Double Formula 1 World Champion Mika Hakkinen has called for the sport’s authorities to learn from the Sebastian Vettel penalty saga in the wake of a controversial Canadian Grand Prix.
Just about everyone has weighed into the debate that has split opinions across the spectrum of the F1 community, with World Champions on opposite sides of the fence, some slamming the penalty while others hailed it as the right decision – fans aligning accordingly.
Echoing exactly what race winner Lewis Hamilton said of the incident, Hakkinen wrote in his UniBet column that he would have done the same thing that Vettel did when his racer’s instinct kicked in as the Ferrari driver recovered from yet another glaring mistake while under pressure, this time in Montreal
“The one thing I can say for certain about the Sebastian Vettel incident during the Canadian Grand Prix is that I would have done exactly the same thing. So would any racing driver.
“When something goes wrong, our instinct is to make a fast recovery and keep the other guy behind. It’s completely normal, and what our competitors expect.
“The Montreal track drops down to Turn 3, and as you drop downhill you turn right, then left into Turn 4. It’s fast, and you need to be precise because the circuit is narrow – more like the feeling of a street circuit due to the proximity of the walls.
“When Vettel felt the rear of the car slide, forcing him off the track, a lot of things happened very quickly.
“The surface of the tyres are basically molten rubber, so Sebastian knew that every piece of grass, dirt and stone would be sticking to them. He also knew that when he bounced the car back on to the track he would be on the dirty part of the circuit, and therefore picking up more dust, dirt and rubber ‘marbles’.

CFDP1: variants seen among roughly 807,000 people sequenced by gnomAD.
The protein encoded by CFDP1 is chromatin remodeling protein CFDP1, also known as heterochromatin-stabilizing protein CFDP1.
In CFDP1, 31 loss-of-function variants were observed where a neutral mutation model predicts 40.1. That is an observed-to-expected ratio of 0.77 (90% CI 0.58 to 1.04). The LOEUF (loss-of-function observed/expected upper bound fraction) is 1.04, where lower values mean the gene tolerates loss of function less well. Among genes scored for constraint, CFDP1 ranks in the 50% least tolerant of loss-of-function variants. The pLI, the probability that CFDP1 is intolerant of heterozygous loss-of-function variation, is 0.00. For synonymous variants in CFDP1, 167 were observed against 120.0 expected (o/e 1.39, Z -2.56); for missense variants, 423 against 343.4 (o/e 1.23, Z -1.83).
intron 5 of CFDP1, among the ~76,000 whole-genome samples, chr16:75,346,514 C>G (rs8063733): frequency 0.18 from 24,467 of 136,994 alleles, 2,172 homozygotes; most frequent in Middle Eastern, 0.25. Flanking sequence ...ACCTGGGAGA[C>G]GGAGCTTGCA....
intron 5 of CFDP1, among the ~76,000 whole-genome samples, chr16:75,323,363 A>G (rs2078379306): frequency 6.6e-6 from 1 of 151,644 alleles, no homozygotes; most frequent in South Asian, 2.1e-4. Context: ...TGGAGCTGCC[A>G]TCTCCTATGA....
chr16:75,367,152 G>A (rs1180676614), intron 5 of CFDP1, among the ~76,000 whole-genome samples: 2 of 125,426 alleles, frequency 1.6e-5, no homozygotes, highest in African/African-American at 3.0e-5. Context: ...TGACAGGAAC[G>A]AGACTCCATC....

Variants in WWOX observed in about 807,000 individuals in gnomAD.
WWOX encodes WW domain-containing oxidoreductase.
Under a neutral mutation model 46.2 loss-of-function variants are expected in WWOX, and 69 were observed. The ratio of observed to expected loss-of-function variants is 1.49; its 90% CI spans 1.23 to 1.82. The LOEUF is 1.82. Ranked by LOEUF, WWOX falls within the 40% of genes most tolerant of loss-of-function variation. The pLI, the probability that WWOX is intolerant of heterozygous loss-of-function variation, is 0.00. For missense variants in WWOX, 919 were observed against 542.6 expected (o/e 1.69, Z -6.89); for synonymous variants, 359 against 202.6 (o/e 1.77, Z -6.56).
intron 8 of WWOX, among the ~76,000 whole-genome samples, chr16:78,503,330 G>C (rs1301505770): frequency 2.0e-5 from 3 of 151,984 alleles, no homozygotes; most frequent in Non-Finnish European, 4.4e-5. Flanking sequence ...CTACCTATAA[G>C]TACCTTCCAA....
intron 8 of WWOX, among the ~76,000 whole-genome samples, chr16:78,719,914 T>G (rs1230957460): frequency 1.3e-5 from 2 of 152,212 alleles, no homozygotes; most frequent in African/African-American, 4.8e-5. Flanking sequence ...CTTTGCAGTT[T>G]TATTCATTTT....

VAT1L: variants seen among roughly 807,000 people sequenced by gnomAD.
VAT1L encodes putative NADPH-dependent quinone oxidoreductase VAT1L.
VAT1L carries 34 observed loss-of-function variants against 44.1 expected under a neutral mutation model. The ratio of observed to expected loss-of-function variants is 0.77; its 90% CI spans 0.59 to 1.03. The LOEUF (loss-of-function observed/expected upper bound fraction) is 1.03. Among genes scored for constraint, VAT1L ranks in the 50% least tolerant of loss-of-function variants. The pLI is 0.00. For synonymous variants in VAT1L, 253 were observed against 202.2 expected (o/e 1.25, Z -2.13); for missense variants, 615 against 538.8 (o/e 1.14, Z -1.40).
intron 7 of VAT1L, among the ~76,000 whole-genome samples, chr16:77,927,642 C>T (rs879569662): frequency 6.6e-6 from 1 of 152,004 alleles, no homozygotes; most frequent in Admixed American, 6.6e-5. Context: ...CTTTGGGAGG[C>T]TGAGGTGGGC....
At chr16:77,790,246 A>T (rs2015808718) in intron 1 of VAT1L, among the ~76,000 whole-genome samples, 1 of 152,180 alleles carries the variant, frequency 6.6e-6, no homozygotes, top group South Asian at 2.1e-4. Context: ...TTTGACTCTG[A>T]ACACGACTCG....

“His first priority would have been on getting the car back onto the racing line in order to find better grip and clean the tyres up, and he did this after correcting a big slide.
“In heading back towards the racing line, Sebastian would also have known that Lewis Hamilton was coming up behind him, so the second priority was to stay in front of the Mercedes. Again, entirely normal behaviour for someone who wants to win the race.
“It is important to consider that Lewis Hamilton could see what was happening and would have prepared for it. When you see a car go off in front of you, you quickly work out where it is likely to rejoin the track and then position your car to try and overtake.
“Some people are saying that Lewis could have exited Turn 4 by going to the left of Sebastian’s Ferrari instead of right, but that makes no sense. The racing line, when going flat out, takes you to the right-hand side of that track.”
“Lewis knew he would either have to overtake or brake to avoid a collision. In the end Lewis had to back off.”
Hamilton immediately got on the radio and complained about Vettel’s waywardness. Not long after the five-second penalty followed and with it a massive explosion of polemics as the Ferrari driver crossed the line first but was demoted to second place thanks to the FIA race stewards’ decision to penalize him for rejoining the track unsafely, killing what might have been a cracking 20 final laps.